If you don't want a nuts-and-bolts explanation of academic administrivia, this is the post to skip.
On college campuses, "tenure" indicates the granting of permanent status, after some sort of probationary period, and "rank" indicates one's title or standing, and is broadly associated with length of employment. For instance, I started out as an assistant professor, and I am now up for consideration as full professor (the top rank! whoot!), while I got tenure almost two years ago. Practically speaking, rank indicates salary level.
So I've got the rest of my R&T packet together: I have crunched the numbers from my student evals and displayed them prettily; I have had the requisite number of peers visit my classroom and send in their evals; my chair has written her letter; I've updated my curriculum vitae (what the rest of the world calls a "resume"). Now I must write my self-eval, judging my own performance over the last two years, and making the case for a change in rank. It's due during the first week in July. I actually was up for rank last summer, but had such a bad year and was so unprepared that I just plain skipped it--salary increase and all. I just couldn't get my act together; partially because medical leave made me short some evals (which the R&T committee probably would have waived, given the reason), but mainly because I just couldn't face the self-eval.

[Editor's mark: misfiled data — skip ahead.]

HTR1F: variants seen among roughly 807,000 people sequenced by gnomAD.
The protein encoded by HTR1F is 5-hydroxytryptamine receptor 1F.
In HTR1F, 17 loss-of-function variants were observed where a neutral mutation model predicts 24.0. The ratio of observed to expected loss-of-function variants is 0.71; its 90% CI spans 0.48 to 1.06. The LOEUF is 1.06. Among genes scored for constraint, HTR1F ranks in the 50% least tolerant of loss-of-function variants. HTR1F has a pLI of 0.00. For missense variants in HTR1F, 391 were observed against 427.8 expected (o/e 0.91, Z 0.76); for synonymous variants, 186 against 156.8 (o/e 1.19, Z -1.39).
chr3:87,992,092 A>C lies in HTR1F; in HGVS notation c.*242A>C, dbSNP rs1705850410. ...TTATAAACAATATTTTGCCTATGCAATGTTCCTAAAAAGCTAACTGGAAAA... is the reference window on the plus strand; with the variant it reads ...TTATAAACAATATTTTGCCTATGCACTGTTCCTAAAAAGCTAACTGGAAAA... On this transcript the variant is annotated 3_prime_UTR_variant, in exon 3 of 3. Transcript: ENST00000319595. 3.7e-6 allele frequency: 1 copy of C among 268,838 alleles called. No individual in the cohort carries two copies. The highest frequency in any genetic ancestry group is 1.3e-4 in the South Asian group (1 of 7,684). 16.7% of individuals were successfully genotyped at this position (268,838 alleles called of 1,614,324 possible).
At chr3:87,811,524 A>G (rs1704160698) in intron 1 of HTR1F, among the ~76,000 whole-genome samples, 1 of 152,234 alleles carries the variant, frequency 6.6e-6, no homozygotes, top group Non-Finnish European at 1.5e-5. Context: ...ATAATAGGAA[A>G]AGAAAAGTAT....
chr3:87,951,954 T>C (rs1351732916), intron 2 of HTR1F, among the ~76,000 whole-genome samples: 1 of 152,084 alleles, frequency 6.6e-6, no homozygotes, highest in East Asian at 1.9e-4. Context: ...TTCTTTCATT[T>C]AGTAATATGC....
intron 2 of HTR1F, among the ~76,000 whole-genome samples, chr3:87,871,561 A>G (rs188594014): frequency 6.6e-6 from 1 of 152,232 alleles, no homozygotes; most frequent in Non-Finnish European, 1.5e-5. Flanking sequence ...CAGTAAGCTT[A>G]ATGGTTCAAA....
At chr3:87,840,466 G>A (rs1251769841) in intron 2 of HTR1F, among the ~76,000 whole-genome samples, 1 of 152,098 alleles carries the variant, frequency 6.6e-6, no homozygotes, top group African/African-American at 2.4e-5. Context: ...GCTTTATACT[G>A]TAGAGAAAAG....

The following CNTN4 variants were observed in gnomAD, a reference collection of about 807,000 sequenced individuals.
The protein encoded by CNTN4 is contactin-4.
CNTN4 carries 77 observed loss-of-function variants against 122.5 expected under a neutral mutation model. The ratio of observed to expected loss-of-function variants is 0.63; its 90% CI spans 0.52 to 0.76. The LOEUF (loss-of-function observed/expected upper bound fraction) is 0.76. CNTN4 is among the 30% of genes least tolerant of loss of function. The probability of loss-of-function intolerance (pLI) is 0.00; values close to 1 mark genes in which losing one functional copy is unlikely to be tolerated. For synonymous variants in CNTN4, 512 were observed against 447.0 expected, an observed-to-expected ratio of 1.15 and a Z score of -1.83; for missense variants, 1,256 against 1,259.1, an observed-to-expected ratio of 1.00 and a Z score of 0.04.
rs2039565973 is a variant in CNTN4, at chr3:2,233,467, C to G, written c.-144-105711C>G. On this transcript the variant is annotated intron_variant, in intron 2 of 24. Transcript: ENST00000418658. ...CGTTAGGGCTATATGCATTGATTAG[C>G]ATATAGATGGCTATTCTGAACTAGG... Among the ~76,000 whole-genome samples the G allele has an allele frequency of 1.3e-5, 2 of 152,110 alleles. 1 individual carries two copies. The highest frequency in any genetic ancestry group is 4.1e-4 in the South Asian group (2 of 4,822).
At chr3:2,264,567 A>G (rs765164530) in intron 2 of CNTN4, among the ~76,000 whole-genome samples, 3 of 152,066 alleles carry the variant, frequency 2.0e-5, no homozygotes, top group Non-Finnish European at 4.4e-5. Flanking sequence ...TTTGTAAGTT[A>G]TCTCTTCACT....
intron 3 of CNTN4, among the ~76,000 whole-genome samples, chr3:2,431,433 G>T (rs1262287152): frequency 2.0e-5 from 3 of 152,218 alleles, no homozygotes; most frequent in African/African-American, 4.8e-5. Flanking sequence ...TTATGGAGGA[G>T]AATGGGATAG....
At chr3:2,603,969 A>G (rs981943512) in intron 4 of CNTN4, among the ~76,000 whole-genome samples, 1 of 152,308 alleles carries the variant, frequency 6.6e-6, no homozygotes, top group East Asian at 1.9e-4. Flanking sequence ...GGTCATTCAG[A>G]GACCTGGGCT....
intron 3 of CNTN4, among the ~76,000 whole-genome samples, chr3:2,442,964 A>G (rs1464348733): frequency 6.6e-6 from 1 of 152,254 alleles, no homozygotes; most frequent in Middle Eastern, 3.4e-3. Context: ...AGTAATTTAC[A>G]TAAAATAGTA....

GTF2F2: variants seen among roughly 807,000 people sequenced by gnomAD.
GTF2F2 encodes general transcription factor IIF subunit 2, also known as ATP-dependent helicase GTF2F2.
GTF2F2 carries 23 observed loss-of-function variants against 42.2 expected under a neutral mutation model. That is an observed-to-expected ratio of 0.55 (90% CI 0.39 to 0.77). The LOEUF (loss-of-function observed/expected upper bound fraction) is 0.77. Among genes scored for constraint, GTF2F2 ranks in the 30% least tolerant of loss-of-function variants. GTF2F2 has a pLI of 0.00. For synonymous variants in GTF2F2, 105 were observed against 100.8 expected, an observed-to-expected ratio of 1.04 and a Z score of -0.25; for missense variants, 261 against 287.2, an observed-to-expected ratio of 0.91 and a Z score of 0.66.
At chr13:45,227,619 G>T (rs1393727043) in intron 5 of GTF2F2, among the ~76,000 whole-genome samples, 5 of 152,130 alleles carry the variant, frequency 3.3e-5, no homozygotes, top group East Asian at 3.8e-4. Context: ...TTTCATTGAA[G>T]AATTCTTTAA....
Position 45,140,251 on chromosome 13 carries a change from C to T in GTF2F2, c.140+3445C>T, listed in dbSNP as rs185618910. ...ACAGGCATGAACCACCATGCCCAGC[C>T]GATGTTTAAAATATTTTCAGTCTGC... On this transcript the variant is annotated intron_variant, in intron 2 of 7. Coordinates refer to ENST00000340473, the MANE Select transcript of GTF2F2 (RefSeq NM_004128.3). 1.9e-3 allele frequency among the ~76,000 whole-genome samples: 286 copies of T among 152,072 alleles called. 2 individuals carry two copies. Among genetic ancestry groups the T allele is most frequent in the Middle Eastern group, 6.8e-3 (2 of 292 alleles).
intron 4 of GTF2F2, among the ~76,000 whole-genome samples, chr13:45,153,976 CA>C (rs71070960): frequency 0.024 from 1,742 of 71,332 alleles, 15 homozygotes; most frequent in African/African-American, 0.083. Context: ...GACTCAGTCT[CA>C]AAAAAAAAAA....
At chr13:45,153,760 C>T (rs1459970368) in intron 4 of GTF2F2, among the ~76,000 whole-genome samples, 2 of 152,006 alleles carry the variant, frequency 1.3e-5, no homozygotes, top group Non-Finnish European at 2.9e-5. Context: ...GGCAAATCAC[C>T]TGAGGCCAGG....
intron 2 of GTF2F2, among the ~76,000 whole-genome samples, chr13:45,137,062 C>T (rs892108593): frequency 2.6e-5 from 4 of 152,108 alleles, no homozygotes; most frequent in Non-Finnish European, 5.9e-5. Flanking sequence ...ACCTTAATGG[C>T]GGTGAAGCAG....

So I've got to get this monster done. I'm a business writer: I can do this.